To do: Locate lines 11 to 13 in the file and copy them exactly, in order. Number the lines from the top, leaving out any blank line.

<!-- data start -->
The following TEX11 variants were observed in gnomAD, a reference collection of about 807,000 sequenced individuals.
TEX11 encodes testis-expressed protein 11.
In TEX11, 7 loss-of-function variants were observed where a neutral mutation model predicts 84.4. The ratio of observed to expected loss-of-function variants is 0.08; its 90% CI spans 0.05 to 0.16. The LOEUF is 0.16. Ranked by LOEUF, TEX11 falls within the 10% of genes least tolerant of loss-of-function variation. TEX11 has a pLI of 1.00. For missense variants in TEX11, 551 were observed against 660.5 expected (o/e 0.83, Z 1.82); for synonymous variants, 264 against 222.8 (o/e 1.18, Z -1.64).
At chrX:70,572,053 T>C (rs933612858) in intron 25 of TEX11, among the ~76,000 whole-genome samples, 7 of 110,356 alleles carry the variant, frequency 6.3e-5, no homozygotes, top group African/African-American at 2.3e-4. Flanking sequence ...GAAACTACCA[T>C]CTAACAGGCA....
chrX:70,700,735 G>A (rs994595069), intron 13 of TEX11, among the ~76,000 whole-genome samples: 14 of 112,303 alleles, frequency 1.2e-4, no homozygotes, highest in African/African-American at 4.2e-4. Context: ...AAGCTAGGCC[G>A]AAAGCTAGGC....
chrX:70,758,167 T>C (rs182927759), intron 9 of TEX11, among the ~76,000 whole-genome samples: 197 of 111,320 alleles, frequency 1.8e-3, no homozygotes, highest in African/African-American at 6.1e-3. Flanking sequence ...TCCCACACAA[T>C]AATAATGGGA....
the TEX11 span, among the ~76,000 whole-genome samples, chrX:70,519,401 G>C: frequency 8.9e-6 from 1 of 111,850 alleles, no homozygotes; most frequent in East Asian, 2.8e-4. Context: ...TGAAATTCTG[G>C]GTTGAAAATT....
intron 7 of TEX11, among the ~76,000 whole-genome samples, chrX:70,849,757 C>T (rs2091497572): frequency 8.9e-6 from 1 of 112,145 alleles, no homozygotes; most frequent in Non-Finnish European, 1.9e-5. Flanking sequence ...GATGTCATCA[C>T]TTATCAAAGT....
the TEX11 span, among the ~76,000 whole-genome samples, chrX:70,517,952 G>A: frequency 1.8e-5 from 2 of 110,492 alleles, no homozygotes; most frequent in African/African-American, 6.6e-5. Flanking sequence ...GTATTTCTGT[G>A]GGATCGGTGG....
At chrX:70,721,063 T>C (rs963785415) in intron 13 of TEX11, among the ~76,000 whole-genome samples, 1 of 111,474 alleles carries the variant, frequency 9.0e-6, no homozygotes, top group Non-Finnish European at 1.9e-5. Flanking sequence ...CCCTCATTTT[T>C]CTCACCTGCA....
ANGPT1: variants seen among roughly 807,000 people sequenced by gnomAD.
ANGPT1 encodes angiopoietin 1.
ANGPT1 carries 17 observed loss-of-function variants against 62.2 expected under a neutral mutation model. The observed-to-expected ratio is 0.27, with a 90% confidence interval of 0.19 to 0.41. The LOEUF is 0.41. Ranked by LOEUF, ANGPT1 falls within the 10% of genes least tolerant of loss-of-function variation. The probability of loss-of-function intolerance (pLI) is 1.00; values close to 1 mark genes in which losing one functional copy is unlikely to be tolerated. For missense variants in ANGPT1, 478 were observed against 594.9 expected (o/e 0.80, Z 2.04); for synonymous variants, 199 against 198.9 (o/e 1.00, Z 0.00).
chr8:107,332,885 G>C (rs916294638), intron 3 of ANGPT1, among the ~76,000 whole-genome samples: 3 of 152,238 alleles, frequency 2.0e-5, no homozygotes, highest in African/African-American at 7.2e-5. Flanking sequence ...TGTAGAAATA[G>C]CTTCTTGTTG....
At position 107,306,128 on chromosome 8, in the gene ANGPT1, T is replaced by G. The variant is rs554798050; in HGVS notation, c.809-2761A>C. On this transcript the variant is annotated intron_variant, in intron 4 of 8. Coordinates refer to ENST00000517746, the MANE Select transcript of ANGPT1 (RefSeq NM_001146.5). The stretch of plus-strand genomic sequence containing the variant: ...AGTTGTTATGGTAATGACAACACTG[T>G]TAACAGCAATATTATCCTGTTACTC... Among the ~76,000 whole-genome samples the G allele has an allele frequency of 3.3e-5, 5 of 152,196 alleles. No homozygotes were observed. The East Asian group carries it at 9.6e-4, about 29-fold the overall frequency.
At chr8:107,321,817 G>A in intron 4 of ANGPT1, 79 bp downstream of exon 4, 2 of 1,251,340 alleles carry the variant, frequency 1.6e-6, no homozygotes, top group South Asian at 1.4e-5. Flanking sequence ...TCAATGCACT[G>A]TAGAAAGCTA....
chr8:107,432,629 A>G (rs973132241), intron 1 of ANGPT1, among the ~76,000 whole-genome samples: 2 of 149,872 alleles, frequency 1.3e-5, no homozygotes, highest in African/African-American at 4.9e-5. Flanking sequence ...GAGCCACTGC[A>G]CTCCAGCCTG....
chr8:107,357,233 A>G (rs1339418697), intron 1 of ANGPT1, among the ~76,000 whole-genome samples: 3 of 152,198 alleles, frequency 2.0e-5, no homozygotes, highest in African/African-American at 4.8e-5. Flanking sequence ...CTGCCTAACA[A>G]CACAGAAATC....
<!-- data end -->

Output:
ANGPT1: variants seen among roughly 807,000 people sequenced by gnomAD.
ANGPT1 encodes angiopoietin 1.
ANGPT1 carries 17 observed loss-of-function variants against 62.2 expected under a neutral mutation model. The observed-to-expected ratio is 0.27, with a 90% confidence interval of 0.19 to 0.41. The LOEUF is 0.41. Ranked by LOEUF, ANGPT1 falls within the 10% of genes least tolerant of loss-of-function variation. The probability of loss-of-function intolerance (pLI) is 1.00; values close to 1 mark genes in which losing one functional copy is unlikely to be tolerated. For missense variants in ANGPT1, 478 were observed against 594.9 expected (o/e 0.80, Z 2.04); for synonymous variants, 199 against 198.9 (o/e 1.00, Z 0.00).